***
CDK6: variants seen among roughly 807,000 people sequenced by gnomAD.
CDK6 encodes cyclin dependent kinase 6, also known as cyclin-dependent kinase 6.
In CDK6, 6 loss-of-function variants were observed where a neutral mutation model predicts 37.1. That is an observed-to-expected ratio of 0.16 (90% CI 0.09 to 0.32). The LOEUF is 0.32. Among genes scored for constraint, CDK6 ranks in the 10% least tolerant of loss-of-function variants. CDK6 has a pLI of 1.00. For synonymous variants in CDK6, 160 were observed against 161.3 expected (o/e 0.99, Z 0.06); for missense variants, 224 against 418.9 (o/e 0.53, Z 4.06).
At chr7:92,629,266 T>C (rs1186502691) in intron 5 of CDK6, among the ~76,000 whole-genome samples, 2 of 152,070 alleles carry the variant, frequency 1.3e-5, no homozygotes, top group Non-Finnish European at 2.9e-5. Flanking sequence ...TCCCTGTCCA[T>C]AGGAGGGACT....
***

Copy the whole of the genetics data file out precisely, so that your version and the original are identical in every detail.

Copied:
CDK6: variants seen among roughly 807,000 people sequenced by gnomAD.
CDK6 encodes cyclin dependent kinase 6, also known as cyclin-dependent kinase 6.
In CDK6, 6 loss-of-function variants were observed where a neutral mutation model predicts 37.1. That is an observed-to-expected ratio of 0.16 (90% CI 0.09 to 0.32). The LOEUF is 0.32. Among genes scored for constraint, CDK6 ranks in the 10% least tolerant of loss-of-function variants. CDK6 has a pLI of 1.00. For synonymous variants in CDK6, 160 were observed against 161.3 expected (o/e 0.99, Z 0.06); for missense variants, 224 against 418.9 (o/e 0.53, Z 4.06).
At chr7:92,629,266 T>C (rs1186502691) in intron 5 of CDK6, among the ~76,000 whole-genome samples, 2 of 152,070 alleles carry the variant, frequency 1.3e-5, no homozygotes, top group Non-Finnish European at 2.9e-5. Flanking sequence ...TCCCTGTCCA[T>C]AGGAGGGACT....